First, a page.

Poultry Analysis

Poultry Imports – The Return of Those Darn Statistics…

It’s not quite a fox in the henhouse, but the South African Poultry Association (SAPA) and their lobbyist Fairplay are sticking to their assertion that poultry imports to South Africa have increased by 600% between August 2022 and May 2023, as a result of the suspension of punitive tariffs.

They are using this alarming statistic to pressure the Department of Trade and Industry into re-instating additional punitive import tariffs (over and above the existing 62%) while also – for good measure – accusing the SA government of ‘creating jobs in Brazil’ presumably at the expense of local workers.

Most media outlets have published Fairplay’s assertions without question. Business Report bound it up with South Africa’s expulsion from AGOA, which according to SAPA would be a good thing.

FreightNews also published the assertions without checking the actual facts.

Our Fairplay Rebuttal

The trouble is, one can make statistics do anything. For instance, we can claim that a 600% increase over nine months translates into an increase of 66% per month.

If one applied that to poultry import figures from August 2022 to May 2023, the tonnage of imports for May 2023 should be 54 767 tonnes, as against the actual figure of 3530 tonnes.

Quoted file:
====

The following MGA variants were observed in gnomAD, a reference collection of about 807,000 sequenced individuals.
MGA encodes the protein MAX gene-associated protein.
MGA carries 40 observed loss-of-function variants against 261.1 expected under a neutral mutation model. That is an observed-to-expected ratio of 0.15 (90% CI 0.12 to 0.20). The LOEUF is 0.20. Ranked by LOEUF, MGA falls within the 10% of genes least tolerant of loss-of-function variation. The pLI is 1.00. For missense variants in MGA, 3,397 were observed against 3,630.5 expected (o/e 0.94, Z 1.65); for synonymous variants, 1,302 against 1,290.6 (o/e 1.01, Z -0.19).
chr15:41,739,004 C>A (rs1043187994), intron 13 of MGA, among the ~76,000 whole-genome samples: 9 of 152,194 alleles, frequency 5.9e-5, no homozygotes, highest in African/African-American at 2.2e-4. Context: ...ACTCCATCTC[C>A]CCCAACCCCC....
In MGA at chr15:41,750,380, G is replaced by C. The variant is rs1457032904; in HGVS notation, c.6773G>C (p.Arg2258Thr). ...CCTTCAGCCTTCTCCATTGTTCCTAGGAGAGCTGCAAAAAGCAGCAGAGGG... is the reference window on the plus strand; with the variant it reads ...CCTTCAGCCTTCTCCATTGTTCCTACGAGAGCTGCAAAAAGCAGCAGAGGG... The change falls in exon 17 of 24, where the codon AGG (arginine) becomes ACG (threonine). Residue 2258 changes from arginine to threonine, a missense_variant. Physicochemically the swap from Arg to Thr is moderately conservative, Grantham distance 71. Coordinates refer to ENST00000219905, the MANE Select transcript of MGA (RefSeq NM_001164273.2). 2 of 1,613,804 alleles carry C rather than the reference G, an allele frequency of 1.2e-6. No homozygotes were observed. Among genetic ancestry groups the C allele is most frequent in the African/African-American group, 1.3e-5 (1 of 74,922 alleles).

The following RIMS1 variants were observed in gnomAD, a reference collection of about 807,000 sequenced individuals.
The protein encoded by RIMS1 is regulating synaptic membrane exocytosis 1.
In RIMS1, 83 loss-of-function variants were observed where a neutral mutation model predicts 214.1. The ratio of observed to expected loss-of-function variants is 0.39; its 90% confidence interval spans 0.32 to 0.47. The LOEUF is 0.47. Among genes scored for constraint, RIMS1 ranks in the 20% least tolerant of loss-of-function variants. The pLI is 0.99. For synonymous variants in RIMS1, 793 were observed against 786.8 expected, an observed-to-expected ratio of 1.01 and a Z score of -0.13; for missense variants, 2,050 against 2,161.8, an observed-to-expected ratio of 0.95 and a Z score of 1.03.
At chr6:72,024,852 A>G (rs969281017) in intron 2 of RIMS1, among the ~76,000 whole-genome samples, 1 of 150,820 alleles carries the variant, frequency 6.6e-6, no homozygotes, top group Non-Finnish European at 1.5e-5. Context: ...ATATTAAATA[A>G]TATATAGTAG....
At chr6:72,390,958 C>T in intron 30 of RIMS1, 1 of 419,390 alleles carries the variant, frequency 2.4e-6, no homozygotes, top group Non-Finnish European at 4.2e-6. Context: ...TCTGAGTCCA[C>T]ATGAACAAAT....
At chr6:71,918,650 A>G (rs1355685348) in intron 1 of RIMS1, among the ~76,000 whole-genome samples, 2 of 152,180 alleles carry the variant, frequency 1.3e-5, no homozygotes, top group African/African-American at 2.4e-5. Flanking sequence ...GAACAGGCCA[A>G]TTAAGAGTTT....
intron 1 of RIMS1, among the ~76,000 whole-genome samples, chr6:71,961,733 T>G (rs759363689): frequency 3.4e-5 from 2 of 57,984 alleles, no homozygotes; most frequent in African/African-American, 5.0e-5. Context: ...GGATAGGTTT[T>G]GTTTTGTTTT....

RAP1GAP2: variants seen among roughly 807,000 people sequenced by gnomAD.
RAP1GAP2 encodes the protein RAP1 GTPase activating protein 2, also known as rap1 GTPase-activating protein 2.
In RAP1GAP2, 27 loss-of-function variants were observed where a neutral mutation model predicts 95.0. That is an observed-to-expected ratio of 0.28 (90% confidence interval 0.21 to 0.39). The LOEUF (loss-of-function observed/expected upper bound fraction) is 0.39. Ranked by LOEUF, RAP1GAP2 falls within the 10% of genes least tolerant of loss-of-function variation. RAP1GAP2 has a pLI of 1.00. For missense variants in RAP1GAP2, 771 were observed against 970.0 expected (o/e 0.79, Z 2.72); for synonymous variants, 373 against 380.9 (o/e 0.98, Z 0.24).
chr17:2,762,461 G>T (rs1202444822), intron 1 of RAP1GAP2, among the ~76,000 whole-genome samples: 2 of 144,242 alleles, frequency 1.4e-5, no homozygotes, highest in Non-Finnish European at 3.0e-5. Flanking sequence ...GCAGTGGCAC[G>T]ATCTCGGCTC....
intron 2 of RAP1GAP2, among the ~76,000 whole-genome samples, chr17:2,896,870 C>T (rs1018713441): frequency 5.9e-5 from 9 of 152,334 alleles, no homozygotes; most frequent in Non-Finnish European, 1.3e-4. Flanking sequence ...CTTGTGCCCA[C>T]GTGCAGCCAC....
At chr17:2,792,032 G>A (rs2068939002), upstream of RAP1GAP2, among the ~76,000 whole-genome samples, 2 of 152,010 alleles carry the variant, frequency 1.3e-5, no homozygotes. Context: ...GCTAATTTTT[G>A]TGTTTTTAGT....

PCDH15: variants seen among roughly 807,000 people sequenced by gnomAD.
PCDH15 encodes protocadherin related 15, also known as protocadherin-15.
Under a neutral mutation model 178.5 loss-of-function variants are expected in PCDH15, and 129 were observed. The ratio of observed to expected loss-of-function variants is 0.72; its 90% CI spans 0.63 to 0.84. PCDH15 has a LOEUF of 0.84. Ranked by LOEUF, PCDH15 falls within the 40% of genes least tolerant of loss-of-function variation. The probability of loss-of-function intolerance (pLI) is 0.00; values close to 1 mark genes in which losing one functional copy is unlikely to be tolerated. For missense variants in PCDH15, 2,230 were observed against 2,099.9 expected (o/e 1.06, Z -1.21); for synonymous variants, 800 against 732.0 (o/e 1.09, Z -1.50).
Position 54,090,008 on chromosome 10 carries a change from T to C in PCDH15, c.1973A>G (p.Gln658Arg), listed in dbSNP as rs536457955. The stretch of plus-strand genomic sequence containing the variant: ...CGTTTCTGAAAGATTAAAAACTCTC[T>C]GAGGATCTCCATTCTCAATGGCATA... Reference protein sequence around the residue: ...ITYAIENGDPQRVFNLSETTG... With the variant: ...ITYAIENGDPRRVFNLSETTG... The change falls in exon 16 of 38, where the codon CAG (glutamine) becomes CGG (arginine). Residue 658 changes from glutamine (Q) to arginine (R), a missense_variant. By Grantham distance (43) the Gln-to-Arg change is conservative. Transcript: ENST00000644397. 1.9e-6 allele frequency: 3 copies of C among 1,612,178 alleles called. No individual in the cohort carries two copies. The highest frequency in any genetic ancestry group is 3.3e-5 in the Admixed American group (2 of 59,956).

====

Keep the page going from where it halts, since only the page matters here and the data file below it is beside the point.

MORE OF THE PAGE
This just shows how ridiculous the skewed interpretation of statistics can become.

So perhaps one should simply publish the stats themselves (which Fairplay has been extremely reluctant to do) and let you make up your own mind.

Actual Import Figures

In our view, the actual figures show that the volume of imports from Nov 21 to May 22 (25 811 tonnes) compared to the volume from Aug 2022 to April 2023 (14 853 tonnes) shows a drop of more than 30% in actual tonnage.

A press release from the Association of Meat Importers and Exporters sets out their perspective.

The fact that the local poultry industry would welcome South Africa’s expulsion from AGOA – with a potential stoppage of imports from the US – is puzzling as it would lead to a shortage of chicken and resultant price increases.

The Threat that Doesn’t Go Away

HPAI (Highly Pathogenic Avian Influenza, or bird flu) is still an issue worldwide. A new mutated virus has been detected in Mpumalanga as both MoneyWeb and The Citizen report, which has resulted in the deaths of millions of birds.

New outbreaks from meat outbreaks across the globe are raising huge concerns even as the poultry market strengthens. With regard to food prices, the news might look good on the surface, but the devil is in the detail.

BusinnesTech reports Food prices are coming down – but not because of better supply, rather diminishing demand. In fact, as the Sunday Times warns, our food security is getting even more tenuous as a result of a crumbling country.

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